Common-law = Snooplaw

Rather than talk about the FBI’s desire to patrol the Internet backbone, have your laptop searched without warrant or any particular reason when facing US Customs officers, or Microsoft’s Computer Online Forensic Evidence Extractor (COFEE), I want to quickly talk about the Australian government’s desire to give law enforcement and corporate IT the power to monitor and inspect any and all electronic employee communications. What is most concerning is that it continues an Australian trend to insert American attitudes into common-law.

Terrorism Down Under

I don’t want to come off seeming as though I think terrorism is a small or unimportant issue. It’s not – terrorism is a very real issue, and it has incredible financial and human costs. That said, whenever someone mentions either children or terrorism as a justification for a new piece of legislation that would dramatically extend the surveillance powers of public and private actors, I immediately want to know just how invasive those new powers might be. Whereas Australian law presently only allows security companies and those dealing with the government to survey communications without permission, after a four year fight to revise the Telecommunications Interceptions Act the government may be successful in extending those surveillance powers. If the amendments are passed, all corporate IT groups will be able to survey employees’ digital communciations. The government’s reason for extending the surveillance powers is that, by monitoring workers’ emails, it will be possible to stop/deploy coercion towards those who would;

attack to disable computer networks that sustained the financial system, stock exchange, electricity grid and transport system “[and would consequently] reap far greater economic damage than would be the case of a physical [terrorist] attack”. (Source)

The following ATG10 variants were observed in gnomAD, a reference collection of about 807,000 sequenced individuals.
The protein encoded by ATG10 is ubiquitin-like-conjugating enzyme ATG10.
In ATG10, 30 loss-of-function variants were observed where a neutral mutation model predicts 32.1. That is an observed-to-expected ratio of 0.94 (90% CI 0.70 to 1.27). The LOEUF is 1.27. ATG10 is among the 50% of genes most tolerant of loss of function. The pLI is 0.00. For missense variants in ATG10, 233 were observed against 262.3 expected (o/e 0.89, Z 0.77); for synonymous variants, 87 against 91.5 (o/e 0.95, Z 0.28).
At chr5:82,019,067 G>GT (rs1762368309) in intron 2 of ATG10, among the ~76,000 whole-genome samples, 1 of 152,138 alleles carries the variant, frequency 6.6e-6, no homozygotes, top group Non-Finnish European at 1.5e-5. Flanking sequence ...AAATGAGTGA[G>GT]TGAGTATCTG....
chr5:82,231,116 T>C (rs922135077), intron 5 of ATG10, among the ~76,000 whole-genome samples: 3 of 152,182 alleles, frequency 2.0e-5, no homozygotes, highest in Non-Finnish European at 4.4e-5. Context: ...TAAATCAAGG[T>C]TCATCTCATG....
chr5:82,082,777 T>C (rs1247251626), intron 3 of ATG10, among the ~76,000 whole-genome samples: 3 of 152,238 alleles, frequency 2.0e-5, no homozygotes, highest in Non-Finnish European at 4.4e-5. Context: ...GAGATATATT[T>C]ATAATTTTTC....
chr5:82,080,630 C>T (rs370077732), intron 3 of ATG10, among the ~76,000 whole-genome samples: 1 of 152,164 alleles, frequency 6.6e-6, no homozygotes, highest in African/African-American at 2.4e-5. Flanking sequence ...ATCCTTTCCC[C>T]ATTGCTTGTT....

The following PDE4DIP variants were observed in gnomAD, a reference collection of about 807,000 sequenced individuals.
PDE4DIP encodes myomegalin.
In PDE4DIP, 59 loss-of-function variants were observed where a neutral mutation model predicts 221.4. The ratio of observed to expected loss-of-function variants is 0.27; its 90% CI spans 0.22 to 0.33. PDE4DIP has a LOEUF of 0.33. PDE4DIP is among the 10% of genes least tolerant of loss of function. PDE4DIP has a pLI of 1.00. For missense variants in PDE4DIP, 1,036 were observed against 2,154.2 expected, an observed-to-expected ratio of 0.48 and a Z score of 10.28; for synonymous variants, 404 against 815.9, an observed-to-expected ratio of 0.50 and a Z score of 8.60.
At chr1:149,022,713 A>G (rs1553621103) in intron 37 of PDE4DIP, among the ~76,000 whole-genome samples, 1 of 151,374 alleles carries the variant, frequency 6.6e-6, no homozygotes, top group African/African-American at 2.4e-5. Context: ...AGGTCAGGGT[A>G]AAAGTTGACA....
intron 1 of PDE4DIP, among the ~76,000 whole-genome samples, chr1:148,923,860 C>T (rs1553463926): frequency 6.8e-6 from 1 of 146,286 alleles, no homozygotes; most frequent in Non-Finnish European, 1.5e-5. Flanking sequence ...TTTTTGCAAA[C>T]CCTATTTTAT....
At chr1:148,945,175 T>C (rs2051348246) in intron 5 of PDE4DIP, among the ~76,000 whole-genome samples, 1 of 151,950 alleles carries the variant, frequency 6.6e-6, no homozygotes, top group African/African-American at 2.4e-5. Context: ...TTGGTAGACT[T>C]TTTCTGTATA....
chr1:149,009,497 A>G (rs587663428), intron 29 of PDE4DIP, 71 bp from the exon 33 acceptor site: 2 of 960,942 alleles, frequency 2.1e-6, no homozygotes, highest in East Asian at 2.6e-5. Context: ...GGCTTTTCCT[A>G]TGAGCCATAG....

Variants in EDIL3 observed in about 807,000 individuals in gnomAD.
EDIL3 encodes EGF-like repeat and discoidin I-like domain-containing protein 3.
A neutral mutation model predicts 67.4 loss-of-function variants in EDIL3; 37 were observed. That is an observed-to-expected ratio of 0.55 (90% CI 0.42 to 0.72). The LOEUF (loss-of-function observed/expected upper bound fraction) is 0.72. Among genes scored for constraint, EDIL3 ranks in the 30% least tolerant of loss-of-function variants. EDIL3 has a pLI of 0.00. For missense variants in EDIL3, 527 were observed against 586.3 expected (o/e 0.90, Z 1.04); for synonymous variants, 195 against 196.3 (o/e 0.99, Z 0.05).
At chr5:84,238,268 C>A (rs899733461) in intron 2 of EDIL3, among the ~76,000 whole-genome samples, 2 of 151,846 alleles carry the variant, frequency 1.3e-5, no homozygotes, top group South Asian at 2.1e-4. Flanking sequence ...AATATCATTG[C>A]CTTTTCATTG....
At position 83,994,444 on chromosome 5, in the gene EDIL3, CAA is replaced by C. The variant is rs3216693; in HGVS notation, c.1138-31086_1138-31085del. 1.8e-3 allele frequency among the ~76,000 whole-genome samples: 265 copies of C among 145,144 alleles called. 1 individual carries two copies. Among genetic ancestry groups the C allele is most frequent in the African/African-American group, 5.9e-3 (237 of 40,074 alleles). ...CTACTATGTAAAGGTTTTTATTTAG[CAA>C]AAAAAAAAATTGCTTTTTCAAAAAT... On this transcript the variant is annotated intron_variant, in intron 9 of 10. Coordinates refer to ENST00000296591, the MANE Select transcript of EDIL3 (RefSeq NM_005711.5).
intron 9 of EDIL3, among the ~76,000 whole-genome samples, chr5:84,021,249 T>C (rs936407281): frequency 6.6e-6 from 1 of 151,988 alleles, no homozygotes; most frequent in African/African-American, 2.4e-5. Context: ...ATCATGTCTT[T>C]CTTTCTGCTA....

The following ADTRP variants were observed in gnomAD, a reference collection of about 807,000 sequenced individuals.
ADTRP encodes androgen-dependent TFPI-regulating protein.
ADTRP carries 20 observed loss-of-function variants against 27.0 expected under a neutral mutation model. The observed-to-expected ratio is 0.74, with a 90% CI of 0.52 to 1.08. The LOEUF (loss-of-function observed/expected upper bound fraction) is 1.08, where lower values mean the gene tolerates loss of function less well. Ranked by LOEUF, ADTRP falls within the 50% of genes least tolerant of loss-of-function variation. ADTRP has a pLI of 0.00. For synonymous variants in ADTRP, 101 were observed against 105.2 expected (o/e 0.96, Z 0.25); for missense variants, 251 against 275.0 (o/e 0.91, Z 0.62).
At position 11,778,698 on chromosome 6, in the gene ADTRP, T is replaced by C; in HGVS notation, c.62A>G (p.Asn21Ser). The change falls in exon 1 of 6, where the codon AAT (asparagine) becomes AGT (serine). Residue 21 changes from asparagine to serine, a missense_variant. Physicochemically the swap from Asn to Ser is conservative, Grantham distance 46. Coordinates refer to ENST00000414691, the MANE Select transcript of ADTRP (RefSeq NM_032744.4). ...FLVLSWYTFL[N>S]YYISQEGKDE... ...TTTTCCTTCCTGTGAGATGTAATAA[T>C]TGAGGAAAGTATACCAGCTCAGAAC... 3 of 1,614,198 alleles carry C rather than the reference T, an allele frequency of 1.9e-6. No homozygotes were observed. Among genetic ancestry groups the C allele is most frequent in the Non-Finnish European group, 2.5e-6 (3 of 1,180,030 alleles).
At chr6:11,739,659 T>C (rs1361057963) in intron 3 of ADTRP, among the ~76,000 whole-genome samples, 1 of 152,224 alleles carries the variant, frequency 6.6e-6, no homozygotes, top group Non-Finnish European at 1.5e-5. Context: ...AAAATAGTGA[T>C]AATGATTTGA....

The Countdown

Fortunately, the proposed amendments would be subject to revisitation and expiration in a year – this means that it’s possible for changes to be brought to the amendments were they implemented. This said, if the aim of the amendments are to provide network supervisors with the ability to open emails that hold viral packages (which is incredibly unlikely – all sysadmins that I know will either delete emails with these payloads automatically, prevent them from entering the corporate domain with network edge technology, or have automated scripts that quarantine the package contents) why not make that statement in the bill itself?

Surveillance powers like this will, at best, catch the incompetent criminals, but clever terrorist cells have been found using encryption, spoofed emails, and other technologies and systems that will evade this proposed dragnet. Rather than allowing employers to survey email communications, why not implement amendments that identify basic standards for hardening network services? Why not provide money for secure VPN access? Why not do something that would prevent ‘terrorists’ from accessing sensitive systems in the first place, or from taking control of employees’ computers to then attack corporate financial and other sensitive systems?

You don’t often ‘stop’ terrorism by snooping on unencrypted, corporate email – you might catch corporate criminals, but not terrorists. This seems like a way for employers to initiate witch-hunts, not a way to effectively prevent security breeches in core business sectors.